Given the brevity of Trigg’s discussion of Heidegger’s treatment of anxiety—being little more than what is put forth here—it is difficult to fully assess this purported distance from the Heideggerian tradition. However, despite the theoretical ambiguity of Trigg’s overt position there is nevertheless a sense in which he develops a compelling argument for a certain non-recoupable negativity that is inseparable from anxiety, and yet is absent in the phenomenon’s treatment by major figures such as Heidegger. It is important to not misread Trigg as suggesting that Heidegger limits anxiety to “human subjectivity,” but to remember the extent to which the Heideggerian treatment of anxiety is caught up in the possibility of “self-realisation.” While Heidegger’s account of anxiety in a text like “What is Metaphysics?” provides us with a compelling ontological placement of anxiety as a fundamental mood, his argument hinges on anxiety as the site for the authentic revelation of what could be referred to as the groundless grounds of beings. In such an account, no matter how disturbing the experience of anxiety might be for the individual in question, there is always the possibility of recuperating this encounter in the movement towards an authentic grasping of oneself and one’s historic meaning. Against this, Trigg’s project orients itself towards anxiety as resistant to recuperation and reintegration. This is to say, in Topophobia, Trigg looks to discuss anxiety in the sense of our being disturbed by a negativity at the heart of our subjectivity, and one that cannot be mustered towards the production of an authentic comportment, meditated on for the purposes self-actualisation, or tarried with in order to be eventually overcome. Instead, Trigg presents anxiety as the possibility of “experiencing one’s body as uncanny or alien,” (xxxvi) and, accordingly, as a blind spot in our fundamental corporeality that insists through disquieting disturbances.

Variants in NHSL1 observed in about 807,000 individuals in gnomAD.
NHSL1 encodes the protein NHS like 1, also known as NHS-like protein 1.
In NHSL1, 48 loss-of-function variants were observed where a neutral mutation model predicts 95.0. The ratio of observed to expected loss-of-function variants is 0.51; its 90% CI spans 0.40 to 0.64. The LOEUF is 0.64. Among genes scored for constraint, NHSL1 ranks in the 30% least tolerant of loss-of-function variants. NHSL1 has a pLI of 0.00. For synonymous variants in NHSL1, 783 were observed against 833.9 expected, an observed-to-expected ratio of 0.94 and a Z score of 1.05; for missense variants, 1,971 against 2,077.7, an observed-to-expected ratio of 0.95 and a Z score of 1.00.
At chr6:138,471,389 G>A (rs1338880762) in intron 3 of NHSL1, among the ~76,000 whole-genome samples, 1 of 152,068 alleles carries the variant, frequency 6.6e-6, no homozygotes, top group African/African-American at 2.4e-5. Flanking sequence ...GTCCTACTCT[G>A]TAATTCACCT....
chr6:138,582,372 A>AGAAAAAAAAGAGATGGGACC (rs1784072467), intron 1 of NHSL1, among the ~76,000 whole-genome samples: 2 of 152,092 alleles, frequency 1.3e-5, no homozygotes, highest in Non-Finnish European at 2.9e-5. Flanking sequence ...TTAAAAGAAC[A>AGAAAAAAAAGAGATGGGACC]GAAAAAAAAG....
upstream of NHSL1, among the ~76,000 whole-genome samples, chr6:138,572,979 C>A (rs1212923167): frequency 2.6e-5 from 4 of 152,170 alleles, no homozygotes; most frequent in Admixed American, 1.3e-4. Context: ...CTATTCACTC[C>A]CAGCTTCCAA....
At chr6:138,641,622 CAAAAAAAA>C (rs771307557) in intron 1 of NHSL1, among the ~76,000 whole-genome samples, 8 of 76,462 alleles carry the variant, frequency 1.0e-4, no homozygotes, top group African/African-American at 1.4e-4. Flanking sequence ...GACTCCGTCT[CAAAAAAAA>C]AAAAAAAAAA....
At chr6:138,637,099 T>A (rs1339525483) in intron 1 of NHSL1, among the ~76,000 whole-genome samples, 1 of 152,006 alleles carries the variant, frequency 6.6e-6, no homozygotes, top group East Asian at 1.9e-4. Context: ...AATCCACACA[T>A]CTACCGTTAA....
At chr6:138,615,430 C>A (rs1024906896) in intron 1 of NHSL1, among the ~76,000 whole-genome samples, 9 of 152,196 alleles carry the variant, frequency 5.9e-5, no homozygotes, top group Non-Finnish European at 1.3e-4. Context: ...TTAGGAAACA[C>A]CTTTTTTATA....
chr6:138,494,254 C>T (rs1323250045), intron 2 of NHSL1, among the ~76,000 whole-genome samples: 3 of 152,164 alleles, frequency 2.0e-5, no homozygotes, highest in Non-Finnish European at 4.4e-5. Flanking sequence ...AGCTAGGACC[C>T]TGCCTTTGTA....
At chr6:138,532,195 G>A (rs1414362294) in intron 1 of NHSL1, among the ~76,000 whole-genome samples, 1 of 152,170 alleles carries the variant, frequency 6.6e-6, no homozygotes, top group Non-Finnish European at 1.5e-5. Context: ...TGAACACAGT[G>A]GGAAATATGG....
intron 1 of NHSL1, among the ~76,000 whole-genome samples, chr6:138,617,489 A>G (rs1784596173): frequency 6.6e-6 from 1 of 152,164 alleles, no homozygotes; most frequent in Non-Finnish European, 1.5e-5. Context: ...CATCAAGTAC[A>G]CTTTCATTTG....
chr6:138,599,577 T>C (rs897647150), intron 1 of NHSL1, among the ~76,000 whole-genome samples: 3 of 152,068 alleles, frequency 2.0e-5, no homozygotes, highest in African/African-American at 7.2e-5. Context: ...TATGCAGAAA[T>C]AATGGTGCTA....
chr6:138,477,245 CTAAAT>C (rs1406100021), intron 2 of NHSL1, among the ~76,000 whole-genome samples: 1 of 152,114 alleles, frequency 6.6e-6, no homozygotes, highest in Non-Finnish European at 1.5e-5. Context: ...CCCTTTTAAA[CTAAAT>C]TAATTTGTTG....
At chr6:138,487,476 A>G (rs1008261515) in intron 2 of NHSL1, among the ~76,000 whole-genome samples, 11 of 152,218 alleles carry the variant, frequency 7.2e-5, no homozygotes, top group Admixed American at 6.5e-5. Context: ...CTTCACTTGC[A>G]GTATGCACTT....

Again, given the brevity of Trigg’s engagement with the more well known discussion of anxiety—such as those produced by Heidegger—it is difficult to fully asses his readings of such figures. Indeed, it is possible that one could find in Heidegger or Kierkegaard an account of anxiety that is sympathetic to Trigg’s own position. Despite this, Trigg’s account is nevertheless compelling insofar as it looks to linger for as long as possible on the disruptions produced through anxiety, and to do so in a way that avoids casting the subject of anxiety in a heroic light—that is to say, in terms of a possible triumph that awaits the subject who reflects on anxiety correctly. By dislocating anxiety from a broader question of authentic self-actualisation, Trigg is able to provide an account that is far richer descriptively than many conventional accounts of anxiety within the phenomenological tradition. Indeed, it is this descriptive sophistication that speaks most directly to the strengths of Trigg’s book. On the one hand, each chapter begins with a second person narration of an experience of anxiety that will inform the rest of that section’s argument. On the other hand, the less literally descriptive sections, those that do not necessarily attempt to simply sketch out what it is like to encounter certain kinds of anxiety, have a different kind of descriptive power. It is in the sense in which Trigg is able to describe encounters with anxiety as meaningful, as helping to provide an account of the significance of anxiety for understanding space and the body—and vice versa—that points to the real descriptive power of the project. In thinking through the problem of the meaning of anxiety, though not in terms that suggest anxiety to be the fundamental mood—or a mood that offers the possibility of a heroic movement towards authenticity—Trigg is able to take what is often a most intangible and ephemeral encounter, and allow it to find articulation.